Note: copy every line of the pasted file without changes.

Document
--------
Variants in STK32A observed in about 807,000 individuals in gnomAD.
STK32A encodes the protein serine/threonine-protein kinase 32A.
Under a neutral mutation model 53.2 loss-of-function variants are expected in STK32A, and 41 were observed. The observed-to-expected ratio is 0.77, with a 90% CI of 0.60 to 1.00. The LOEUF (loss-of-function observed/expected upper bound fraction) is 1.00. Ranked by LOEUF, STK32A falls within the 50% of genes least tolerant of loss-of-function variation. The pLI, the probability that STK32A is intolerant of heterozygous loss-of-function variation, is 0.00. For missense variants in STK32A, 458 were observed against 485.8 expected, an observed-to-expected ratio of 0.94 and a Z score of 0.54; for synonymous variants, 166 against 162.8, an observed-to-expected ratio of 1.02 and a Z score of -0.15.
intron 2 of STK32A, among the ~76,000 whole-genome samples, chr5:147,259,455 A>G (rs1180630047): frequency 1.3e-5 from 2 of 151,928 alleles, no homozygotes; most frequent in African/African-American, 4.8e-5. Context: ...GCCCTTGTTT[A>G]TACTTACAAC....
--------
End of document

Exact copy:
Variants in STK32A observed in about 807,000 individuals in gnomAD.
STK32A encodes the protein serine/threonine-protein kinase 32A.
Under a neutral mutation model 53.2 loss-of-function variants are expected in STK32A, and 41 were observed. The observed-to-expected ratio is 0.77, with a 90% CI of 0.60 to 1.00. The LOEUF (loss-of-function observed/expected upper bound fraction) is 1.00. Ranked by LOEUF, STK32A falls within the 50% of genes least tolerant of loss-of-function variation. The pLI, the probability that STK32A is intolerant of heterozygous loss-of-function variation, is 0.00. For missense variants in STK32A, 458 were observed against 485.8 expected, an observed-to-expected ratio of 0.94 and a Z score of 0.54; for synonymous variants, 166 against 162.8, an observed-to-expected ratio of 1.02 and a Z score of -0.15.
intron 2 of STK32A, among the ~76,000 whole-genome samples, chr5:147,259,455 A>G (rs1180630047): frequency 1.3e-5 from 2 of 151,928 alleles, no homozygotes; most frequent in African/African-American, 4.8e-5. Context: ...GCCCTTGTTT[A>G]TACTTACAAC....